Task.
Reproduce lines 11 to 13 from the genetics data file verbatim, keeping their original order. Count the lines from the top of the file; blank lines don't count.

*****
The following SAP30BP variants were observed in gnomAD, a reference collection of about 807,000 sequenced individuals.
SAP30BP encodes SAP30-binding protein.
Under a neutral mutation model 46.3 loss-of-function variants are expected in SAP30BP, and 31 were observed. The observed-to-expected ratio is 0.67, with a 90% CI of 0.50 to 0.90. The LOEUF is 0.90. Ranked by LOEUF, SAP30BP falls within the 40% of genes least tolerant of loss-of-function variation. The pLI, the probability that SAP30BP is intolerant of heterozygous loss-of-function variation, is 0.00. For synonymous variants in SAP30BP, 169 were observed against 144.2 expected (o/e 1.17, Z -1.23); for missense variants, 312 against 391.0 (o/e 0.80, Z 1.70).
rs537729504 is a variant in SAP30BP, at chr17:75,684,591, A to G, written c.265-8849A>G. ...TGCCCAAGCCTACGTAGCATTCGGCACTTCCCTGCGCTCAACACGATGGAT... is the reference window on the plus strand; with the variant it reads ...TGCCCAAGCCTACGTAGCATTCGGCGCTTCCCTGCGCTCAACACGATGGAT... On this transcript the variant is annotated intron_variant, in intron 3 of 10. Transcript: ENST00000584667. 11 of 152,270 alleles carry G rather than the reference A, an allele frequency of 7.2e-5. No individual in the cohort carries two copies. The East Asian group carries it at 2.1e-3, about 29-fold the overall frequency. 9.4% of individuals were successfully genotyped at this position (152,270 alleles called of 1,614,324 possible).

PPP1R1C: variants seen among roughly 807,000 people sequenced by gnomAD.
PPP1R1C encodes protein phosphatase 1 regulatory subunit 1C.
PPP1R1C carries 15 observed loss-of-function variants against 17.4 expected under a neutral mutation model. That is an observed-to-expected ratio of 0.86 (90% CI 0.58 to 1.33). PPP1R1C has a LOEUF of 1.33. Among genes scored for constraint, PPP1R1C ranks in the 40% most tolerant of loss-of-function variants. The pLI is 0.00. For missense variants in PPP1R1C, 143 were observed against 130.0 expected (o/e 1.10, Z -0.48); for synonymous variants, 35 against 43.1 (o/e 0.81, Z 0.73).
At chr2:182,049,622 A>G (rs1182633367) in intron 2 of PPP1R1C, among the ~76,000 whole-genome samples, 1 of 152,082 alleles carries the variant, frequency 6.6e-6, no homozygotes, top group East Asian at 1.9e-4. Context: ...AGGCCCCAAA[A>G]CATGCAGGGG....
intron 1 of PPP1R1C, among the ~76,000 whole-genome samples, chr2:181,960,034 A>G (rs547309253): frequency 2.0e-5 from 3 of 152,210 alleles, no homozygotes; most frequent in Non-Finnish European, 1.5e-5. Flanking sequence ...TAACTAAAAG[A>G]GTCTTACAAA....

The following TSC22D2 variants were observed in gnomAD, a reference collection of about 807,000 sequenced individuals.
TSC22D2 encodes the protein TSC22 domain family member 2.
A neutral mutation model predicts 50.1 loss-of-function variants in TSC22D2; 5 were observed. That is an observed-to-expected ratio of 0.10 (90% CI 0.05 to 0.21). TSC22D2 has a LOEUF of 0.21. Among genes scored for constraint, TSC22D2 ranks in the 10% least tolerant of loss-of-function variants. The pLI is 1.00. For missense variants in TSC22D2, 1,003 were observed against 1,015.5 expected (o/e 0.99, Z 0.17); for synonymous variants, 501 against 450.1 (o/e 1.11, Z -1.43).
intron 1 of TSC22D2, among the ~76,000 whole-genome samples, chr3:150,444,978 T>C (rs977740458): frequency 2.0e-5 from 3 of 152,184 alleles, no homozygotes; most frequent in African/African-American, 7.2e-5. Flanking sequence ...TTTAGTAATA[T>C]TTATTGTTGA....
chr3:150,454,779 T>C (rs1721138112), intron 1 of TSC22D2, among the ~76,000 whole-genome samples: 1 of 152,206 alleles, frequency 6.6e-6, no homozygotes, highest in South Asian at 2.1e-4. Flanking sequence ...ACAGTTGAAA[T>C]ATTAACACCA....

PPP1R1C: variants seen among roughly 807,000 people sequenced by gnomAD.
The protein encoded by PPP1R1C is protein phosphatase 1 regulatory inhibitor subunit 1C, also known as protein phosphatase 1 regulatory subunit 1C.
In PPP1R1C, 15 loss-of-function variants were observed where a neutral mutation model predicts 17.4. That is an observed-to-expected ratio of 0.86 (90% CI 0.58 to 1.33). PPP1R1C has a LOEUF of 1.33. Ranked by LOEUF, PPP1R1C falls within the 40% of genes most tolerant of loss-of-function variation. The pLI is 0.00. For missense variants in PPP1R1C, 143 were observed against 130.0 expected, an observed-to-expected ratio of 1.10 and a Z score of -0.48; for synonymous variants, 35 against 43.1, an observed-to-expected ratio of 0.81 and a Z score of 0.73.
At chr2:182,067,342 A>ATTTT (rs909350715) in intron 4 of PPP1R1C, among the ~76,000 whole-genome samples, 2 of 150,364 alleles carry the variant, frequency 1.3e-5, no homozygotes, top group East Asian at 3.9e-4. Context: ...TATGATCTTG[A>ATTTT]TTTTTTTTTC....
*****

TSC22D2 encodes the protein TSC22 domain family member 2.
A neutral mutation model predicts 50.1 loss-of-function variants in TSC22D2; 5 were observed. That is an observed-to-expected ratio of 0.10 (90% CI 0.05 to 0.21). TSC22D2 has a LOEUF of 0.21. Among genes scored for constraint, TSC22D2 ranks in the 10% least tolerant of loss-of-function variants. The pLI is 1.00. For missense variants in TSC22D2, 1,003 were observed against 1,015.5 expected (o/e 0.99, Z 0.17); for synonymous variants, 501 against 450.1 (o/e 1.11, Z -1.43).
intron 1 of TSC22D2, among the ~76,000 whole-genome samples, chr3:150,444,978 T>C (rs977740458): frequency 2.0e-5 from 3 of 152,184 alleles, no homozygotes; most frequent in African/African-American, 7.2e-5. Flanking sequence ...TTTAGTAATA[T>C]TTATTGTTGA....